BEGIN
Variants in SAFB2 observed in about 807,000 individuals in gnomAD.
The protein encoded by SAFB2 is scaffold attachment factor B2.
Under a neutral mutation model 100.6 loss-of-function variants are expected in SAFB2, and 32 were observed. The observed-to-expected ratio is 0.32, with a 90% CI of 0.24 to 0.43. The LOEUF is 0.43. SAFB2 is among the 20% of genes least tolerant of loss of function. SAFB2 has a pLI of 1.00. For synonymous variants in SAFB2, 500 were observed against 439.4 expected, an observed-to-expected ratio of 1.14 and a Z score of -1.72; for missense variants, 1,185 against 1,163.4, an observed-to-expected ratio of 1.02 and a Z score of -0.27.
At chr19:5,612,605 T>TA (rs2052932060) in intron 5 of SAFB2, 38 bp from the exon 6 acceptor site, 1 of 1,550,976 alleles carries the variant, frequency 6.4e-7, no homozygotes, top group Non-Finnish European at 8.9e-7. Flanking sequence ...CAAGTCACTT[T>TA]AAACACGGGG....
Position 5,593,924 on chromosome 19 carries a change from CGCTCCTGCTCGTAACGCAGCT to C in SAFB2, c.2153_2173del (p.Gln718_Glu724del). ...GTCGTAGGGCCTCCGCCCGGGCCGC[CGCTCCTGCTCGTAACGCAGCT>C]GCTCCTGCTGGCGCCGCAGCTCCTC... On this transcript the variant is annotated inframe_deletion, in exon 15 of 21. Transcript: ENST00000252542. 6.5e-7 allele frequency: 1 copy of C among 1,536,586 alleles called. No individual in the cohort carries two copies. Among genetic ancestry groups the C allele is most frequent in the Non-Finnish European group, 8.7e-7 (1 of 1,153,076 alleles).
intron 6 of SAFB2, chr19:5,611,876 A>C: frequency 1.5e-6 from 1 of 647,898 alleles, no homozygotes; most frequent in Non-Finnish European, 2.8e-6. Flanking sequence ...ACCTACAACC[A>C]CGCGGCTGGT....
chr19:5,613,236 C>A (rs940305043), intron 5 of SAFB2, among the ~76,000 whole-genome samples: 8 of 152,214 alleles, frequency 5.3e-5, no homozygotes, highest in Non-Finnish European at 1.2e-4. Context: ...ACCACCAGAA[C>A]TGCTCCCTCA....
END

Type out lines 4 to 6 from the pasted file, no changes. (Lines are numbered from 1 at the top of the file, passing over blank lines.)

At chr19:5,612,605 T>TA (rs2052932060) in intron 5 of SAFB2, 38 bp from the exon 6 acceptor site, 1 of 1,550,976 alleles carries the variant, frequency 6.4e-7, no homozygotes, top group Non-Finnish European at 8.9e-7. Flanking sequence ...CAAGTCACTT[T>TA]AAACACGGGG....
Position 5,593,924 on chromosome 19 carries a change from CGCTCCTGCTCGTAACGCAGCT to C in SAFB2, c.2153_2173del (p.Gln718_Glu724del). ...GTCGTAGGGCCTCCGCCCGGGCCGC[CGCTCCTGCTCGTAACGCAGCT>C]GCTCCTGCTGGCGCCGCAGCTCCTC... On this transcript the variant is annotated inframe_deletion, in exon 15 of 21. Transcript: ENST00000252542. 6.5e-7 allele frequency: 1 copy of C among 1,536,586 alleles called. No individual in the cohort carries two copies. Among genetic ancestry groups the C allele is most frequent in the Non-Finnish European group, 8.7e-7 (1 of 1,153,076 alleles).
intron 6 of SAFB2, chr19:5,611,876 A>C: frequency 1.5e-6 from 1 of 647,898 alleles, no homozygotes; most frequent in Non-Finnish European, 2.8e-6. Flanking sequence ...ACCTACAACC[A>C]CGCGGCTGGT....